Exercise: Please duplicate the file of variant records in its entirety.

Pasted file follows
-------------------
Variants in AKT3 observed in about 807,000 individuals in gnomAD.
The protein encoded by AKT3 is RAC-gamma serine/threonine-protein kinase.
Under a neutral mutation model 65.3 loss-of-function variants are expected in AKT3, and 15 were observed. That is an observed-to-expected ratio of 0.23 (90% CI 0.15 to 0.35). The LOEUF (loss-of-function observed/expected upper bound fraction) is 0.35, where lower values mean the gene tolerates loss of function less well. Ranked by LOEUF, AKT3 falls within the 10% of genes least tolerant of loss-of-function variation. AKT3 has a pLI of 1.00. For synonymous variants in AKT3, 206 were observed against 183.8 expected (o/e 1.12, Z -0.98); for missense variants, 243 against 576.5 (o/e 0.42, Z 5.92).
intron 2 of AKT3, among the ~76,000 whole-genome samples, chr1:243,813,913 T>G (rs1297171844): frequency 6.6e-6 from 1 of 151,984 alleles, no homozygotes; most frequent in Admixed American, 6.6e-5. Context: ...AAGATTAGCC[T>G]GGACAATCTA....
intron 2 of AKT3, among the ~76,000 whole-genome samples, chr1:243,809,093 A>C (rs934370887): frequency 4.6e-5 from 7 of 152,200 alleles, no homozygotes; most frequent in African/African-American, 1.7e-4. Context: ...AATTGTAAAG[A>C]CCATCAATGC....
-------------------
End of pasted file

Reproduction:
Variants in AKT3 observed in about 807,000 individuals in gnomAD.
The protein encoded by AKT3 is RAC-gamma serine/threonine-protein kinase.
Under a neutral mutation model 65.3 loss-of-function variants are expected in AKT3, and 15 were observed. That is an observed-to-expected ratio of 0.23 (90% CI 0.15 to 0.35). The LOEUF (loss-of-function observed/expected upper bound fraction) is 0.35, where lower values mean the gene tolerates loss of function less well. Ranked by LOEUF, AKT3 falls within the 10% of genes least tolerant of loss-of-function variation. AKT3 has a pLI of 1.00. For synonymous variants in AKT3, 206 were observed against 183.8 expected (o/e 1.12, Z -0.98); for missense variants, 243 against 576.5 (o/e 0.42, Z 5.92).
intron 2 of AKT3, among the ~76,000 whole-genome samples, chr1:243,813,913 T>G (rs1297171844): frequency 6.6e-6 from 1 of 151,984 alleles, no homozygotes; most frequent in Admixed American, 6.6e-5. Context: ...AAGATTAGCC[T>G]GGACAATCTA....
intron 2 of AKT3, among the ~76,000 whole-genome samples, chr1:243,809,093 A>C (rs934370887): frequency 4.6e-5 from 7 of 152,200 alleles, no homozygotes; most frequent in African/African-American, 1.7e-4. Context: ...AATTGTAAAG[A>C]CCATCAATGC....